From the writer/director of “The Village” and the producer of “Paranormal Activity” should tell you everything you need to know about M. Night Shyamalan’s “The Visit.” Sort of a “found footage” horror movie (elaboration on that qualification to come), here we have Mr. Shyamalan’s foray into this particular brand of low budget horror film making, working in a genre that has inherent low expectations both critically and commercially. Once known as the guy who might be “the next Spielberg,” now we’d just like to see if he can make something better than “The Gallows” or “As Above, So Below.”
In “The Visit,” teenager Becca (Oliva DeJonge) and her younger brother Tyler (Ed Oxenbould) are sent to spend a week with their grandparents at their remote farmhouse, and this particular visit is a little weird for them because they never met their grandparents before, as their mother (Kathryn Hahn) hasn’t spoken to them since before she had the kids. Meanwhile, Becca wants to be a filmmaker, so she brings two cameras and her lap top and makes a documentary out of the whole thing. And after they arrive at the farmhouse, they soon realize that not everything is at it seems with their Nana (Deanna Dunagan) and Pop Pop (Peter McRobbie), and for a week they are stuck documenting and trying to figure out if everything is okay or not.
Unlike other Blumhouse Productions like “Insidious” and “Sinister,” the horror of “The Visit” is not relentless and overly dark. Instead it has more in common with the tension and atmosphere of movies like “Signs” and “The Sixth Sense,” as Shyamalan has always been good at establishing weird, creepy moments and sequences without having to go the route of constant dread; the “scary” moments are separated by scenes that have both humor and character development, and it is all balanced well so one doesn’t undercut the other. And the way the story unfolds kind of feels like classic Shyamalan, like an extended episode of “The Twilight Zone” and in a good way. This one definitely came out better than his last few bigger budgeted studio films.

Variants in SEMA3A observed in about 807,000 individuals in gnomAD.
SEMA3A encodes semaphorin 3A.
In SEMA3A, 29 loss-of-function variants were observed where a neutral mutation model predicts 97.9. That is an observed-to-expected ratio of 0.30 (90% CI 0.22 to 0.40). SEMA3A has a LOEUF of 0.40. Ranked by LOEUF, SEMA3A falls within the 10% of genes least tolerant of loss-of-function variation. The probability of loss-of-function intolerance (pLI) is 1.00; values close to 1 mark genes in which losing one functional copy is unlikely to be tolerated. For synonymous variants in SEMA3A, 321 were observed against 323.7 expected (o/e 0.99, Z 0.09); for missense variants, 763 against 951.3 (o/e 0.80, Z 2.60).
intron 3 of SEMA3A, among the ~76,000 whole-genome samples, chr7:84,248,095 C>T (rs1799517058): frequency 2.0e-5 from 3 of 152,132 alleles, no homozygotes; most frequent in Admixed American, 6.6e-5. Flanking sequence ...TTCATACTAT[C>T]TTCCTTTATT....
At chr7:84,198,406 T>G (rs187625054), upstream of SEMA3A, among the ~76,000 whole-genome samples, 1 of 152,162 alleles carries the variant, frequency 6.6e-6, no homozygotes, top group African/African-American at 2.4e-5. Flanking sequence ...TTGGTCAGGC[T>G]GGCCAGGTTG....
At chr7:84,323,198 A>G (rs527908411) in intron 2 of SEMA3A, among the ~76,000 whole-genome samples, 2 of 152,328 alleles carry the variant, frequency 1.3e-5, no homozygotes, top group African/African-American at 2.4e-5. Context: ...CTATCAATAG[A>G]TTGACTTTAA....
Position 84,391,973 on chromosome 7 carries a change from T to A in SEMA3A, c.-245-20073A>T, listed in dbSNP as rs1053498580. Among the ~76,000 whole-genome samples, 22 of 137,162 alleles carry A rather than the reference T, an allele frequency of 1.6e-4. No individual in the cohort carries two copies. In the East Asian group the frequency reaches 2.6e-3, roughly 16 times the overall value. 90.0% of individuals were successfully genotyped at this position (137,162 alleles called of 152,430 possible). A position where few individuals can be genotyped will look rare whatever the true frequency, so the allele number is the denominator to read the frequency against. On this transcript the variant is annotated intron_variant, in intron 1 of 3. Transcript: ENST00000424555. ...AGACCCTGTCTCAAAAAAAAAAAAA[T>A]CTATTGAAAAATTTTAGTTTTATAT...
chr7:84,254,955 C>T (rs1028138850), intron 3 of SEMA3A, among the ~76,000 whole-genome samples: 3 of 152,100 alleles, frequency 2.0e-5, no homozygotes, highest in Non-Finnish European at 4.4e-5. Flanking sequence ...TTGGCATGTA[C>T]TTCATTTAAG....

And it does help that the standard for “found footage” movies is pretty low. “The Blair Witch Project” popularized the format in the late 90s, and “Paranormal Activity” took that style to even more commercial heights, and since then we’ve seen a wide range of movies from the perspective of someone holding a camcorder. And whether it’s a monster movie (“Cloverfield“), a superhero movie (“Chronicle“), set in outer space (“Apollo 18“), searching for Bigfoot (“Willow Creek“), cops on patrol (“End of Watch“), an environmental disaster (“The Bay“) or any number of movies about killers, ghosts, killer ghosts and ghost killers, they all have the same look and feel; handheld cameras with lots of shaky camerawork which occasionally straightens out to get some weirdly professional looking shots, people talking directly into the camera or at the camera operator, and a cinema vérité feel that involves a lack of music on the soundtrack and stretches of time in which nothing happens in order to obtain a sense of verisimilitude (for example, these movies always, and I mean always, feature shots of characters traveling from inside of cars or trains or whatever, and the story isn’t advancing in any way other to show how characters are moving from one physical space to another). Many of these movies outright stink, with the actual good ones being few and far in between, so it is not that hard for “The Visit” to be ranked over many of them.